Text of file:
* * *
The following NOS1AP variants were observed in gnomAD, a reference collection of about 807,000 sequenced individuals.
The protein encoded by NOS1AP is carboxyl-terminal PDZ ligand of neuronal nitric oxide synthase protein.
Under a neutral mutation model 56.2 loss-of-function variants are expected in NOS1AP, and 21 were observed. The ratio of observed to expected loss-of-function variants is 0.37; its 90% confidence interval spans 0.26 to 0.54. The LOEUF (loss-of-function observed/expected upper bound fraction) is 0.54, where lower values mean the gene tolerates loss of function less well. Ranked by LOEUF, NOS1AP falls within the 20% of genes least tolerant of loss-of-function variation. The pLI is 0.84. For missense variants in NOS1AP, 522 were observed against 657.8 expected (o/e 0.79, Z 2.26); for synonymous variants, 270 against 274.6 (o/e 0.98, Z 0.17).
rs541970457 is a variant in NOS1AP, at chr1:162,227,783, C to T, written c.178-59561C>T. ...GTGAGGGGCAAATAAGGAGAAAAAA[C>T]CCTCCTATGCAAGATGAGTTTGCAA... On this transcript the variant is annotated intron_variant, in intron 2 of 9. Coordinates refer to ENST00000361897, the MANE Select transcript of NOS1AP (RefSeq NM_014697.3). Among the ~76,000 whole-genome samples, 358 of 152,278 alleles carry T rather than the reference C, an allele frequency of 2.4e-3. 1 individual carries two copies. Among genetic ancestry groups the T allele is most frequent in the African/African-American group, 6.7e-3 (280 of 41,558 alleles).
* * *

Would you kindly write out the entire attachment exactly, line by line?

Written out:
The following NOS1AP variants were observed in gnomAD, a reference collection of about 807,000 sequenced individuals.
The protein encoded by NOS1AP is carboxyl-terminal PDZ ligand of neuronal nitric oxide synthase protein.
Under a neutral mutation model 56.2 loss-of-function variants are expected in NOS1AP, and 21 were observed. The ratio of observed to expected loss-of-function variants is 0.37; its 90% confidence interval spans 0.26 to 0.54. The LOEUF (loss-of-function observed/expected upper bound fraction) is 0.54, where lower values mean the gene tolerates loss of function less well. Ranked by LOEUF, NOS1AP falls within the 20% of genes least tolerant of loss-of-function variation. The pLI is 0.84. For missense variants in NOS1AP, 522 were observed against 657.8 expected (o/e 0.79, Z 2.26); for synonymous variants, 270 against 274.6 (o/e 0.98, Z 0.17).
rs541970457 is a variant in NOS1AP, at chr1:162,227,783, C to T, written c.178-59561C>T. ...GTGAGGGGCAAATAAGGAGAAAAAA[C>T]CCTCCTATGCAAGATGAGTTTGCAA... On this transcript the variant is annotated intron_variant, in intron 2 of 9. Coordinates refer to ENST00000361897, the MANE Select transcript of NOS1AP (RefSeq NM_014697.3). Among the ~76,000 whole-genome samples, 358 of 152,278 alleles carry T rather than the reference C, an allele frequency of 2.4e-3. 1 individual carries two copies. Among genetic ancestry groups the T allele is most frequent in the African/African-American group, 6.7e-3 (280 of 41,558 alleles).